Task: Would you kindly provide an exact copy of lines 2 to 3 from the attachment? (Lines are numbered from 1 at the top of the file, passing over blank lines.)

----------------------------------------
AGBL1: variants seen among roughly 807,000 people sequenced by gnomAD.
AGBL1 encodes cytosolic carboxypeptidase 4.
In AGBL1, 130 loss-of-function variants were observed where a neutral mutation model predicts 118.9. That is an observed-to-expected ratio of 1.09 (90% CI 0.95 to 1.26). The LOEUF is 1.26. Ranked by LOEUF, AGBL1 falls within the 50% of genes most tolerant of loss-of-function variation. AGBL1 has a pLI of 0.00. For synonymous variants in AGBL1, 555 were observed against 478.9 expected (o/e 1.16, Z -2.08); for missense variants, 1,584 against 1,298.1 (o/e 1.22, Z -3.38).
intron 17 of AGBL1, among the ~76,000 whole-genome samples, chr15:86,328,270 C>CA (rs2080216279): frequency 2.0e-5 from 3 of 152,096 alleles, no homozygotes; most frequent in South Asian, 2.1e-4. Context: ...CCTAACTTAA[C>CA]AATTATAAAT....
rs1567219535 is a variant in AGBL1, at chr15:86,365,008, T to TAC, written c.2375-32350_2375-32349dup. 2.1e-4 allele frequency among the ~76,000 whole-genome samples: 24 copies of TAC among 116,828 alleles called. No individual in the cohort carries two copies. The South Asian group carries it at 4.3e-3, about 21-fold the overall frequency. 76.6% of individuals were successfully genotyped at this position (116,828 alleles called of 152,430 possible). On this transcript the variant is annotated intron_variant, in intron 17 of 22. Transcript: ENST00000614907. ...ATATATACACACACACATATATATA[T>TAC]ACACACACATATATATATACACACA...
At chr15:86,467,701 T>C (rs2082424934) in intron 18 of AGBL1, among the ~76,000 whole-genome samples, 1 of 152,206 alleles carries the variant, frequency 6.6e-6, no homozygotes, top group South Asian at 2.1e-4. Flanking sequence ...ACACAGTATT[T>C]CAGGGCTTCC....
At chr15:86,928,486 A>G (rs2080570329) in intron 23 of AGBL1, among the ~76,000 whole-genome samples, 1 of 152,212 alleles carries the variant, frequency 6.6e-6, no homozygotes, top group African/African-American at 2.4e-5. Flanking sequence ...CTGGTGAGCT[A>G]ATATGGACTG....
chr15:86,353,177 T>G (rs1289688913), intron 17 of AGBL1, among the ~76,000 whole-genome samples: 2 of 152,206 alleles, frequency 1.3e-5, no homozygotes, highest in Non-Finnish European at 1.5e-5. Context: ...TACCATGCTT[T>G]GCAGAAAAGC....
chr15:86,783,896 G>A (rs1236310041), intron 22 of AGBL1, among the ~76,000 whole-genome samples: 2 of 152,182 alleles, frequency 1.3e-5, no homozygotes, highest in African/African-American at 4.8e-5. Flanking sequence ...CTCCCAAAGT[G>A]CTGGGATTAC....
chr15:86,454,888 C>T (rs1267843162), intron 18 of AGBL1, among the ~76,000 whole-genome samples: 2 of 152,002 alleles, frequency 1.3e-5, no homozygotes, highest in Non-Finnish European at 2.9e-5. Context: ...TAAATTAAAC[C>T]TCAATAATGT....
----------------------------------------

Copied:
AGBL1 encodes cytosolic carboxypeptidase 4.
In AGBL1, 130 loss-of-function variants were observed where a neutral mutation model predicts 118.9. That is an observed-to-expected ratio of 1.09 (90% CI 0.95 to 1.26). The LOEUF is 1.26. Ranked by LOEUF, AGBL1 falls within the 50% of genes most tolerant of loss-of-function variation. AGBL1 has a pLI of 0.00. For synonymous variants in AGBL1, 555 were observed against 478.9 expected (o/e 1.16, Z -2.08); for missense variants, 1,584 against 1,298.1 (o/e 1.22, Z -3.38).